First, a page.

Robert Alegre is a Chilean-American historian of Latin America, with a particular interest in the history of gender and sexuality and its intersection with wage and coerced labor. His book, Railroad Radicals in Cold War Mexico: Gender, Class, and Memory (Nebraska, 2013), argues that a national working-class movement emerged in Mexico during the 1950s, demonstrating the contested process of modernization in the postwar period. This movement, which included major industrial unions as well as teachers, challenged the hegemony of the ruling party, influencing and...
gender and sexuality
Alex Campbell, Ph.D., comes to UNE from England, and is an assistant professor in the Department of Sociology. AlexÕs courses include: "Deviance," "Crime and Deviance," "Globalization and Identity," "Race, Class, and Gender," "Globalization and Technology," and "Introduction to Sociology," and she is the present coordinator of the Sociology Internship.
Alex is currently working on a book manuscript, which explores issues of race and white identities in cyberspace, and arises from research she conducted as part of her Ph.D. She has...
Elizabeth De Wolfe is chair of the Department of History & Philosophy and affiliated faculty in the Women's and Gender Studies Program. Her teaching areas include American women's history, nineteenth-century popular culture and historical research methods. De Wolfe offers a variety of courses including Growing Up Female: History of American Girls; Bestsellers and the Big, Bad City; Women, Health and History; and War Letters . Dr. De Wolfe's research explores ordinary women who find themselves in extraordinary situations. Her study of the anti-Shaker activist Mary Marshall...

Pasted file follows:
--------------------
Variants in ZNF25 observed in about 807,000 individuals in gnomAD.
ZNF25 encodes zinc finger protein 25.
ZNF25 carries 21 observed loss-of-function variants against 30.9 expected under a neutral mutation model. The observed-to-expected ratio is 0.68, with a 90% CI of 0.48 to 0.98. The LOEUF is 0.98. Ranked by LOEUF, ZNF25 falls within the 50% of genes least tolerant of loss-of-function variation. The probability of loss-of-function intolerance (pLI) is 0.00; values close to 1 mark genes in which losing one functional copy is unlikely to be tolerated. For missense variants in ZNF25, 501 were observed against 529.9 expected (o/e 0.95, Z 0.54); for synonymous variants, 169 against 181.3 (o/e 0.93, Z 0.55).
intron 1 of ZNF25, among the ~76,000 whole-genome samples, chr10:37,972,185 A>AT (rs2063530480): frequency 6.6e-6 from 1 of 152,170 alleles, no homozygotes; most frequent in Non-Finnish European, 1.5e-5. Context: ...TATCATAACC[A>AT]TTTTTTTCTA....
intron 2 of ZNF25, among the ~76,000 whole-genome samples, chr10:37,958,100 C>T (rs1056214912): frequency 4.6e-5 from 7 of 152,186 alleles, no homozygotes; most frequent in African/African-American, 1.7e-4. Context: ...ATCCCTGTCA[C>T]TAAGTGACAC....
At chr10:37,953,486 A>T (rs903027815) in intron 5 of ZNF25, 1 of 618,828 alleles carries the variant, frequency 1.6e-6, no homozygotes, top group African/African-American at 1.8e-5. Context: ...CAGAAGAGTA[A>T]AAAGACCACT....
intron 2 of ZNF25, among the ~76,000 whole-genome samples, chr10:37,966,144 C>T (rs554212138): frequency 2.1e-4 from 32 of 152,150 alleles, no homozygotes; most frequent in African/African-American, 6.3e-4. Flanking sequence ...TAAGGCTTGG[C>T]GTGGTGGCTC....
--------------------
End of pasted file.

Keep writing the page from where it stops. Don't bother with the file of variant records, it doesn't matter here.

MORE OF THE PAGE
Nineteenth-century American Women's History; Shakers and Other American Communal Groups; Nineteenth-century popular culture
Jennifer Denbow received a Ph.D. in Jurisprudence and Social Policy and J.D. from the University of California, Berkeley. She is the author of "Governed through Choice: Autonomy, Technology, and the Politics of Reproduction" (NYU Press, 2015).
Brian Duff received his Ph.D. from UC Berkeley. He is the author of The Parent as Citizen, (The University of Minnesota Press). He has also published research on feminist theory, voting, and the politics of race and ethnicity.
Modern political theory; issues regarding the family and politics; the role of ideas about children in politics; American elections; public opinion; feminism; politics of race and ethnicity; patriotism.
Julie Longua Peterson is an Assistant Professor of psychology at the University of New England and the principal investigator of the Self and Close Relationships Lab. Her program of research investigates the ways in which explicit (conscious, controlled) and implicit (unconscious, automatic) self and relationship processes influence how people navigate the ups and downs of daily life (e.g., acceptance, rejection). Julie's courses include Introduction to Psychology, Social Psychology, Research Methods, Introduction to Women's and Gender Studies, and a seminar in Self...
Explicit and Implicit self-esteem; self-regulation; the role of the self in close relationships (e.g.
Jennifer Tuttle teaches courses on literature and health studies, US Literatures, women's writing, and the US West. Holding an endowed chair in literature and health, she designs courses, pursues scholarship, and develops curricular and programming initiatives that integrate the health sciences and the humanities at UNE. As the Dorothy M. Healy Professor, she is also faculty director of the Maine Women Writers Collection. Beyond UNE, she is editor of Legacy: A Journal of American Women Writers.
Literature and Health
United States literature and culture
Women's literary history
Literatures of the US West
Charlotte Perkins Gilman studies
Women's detective fiction
literary recovery and archival studies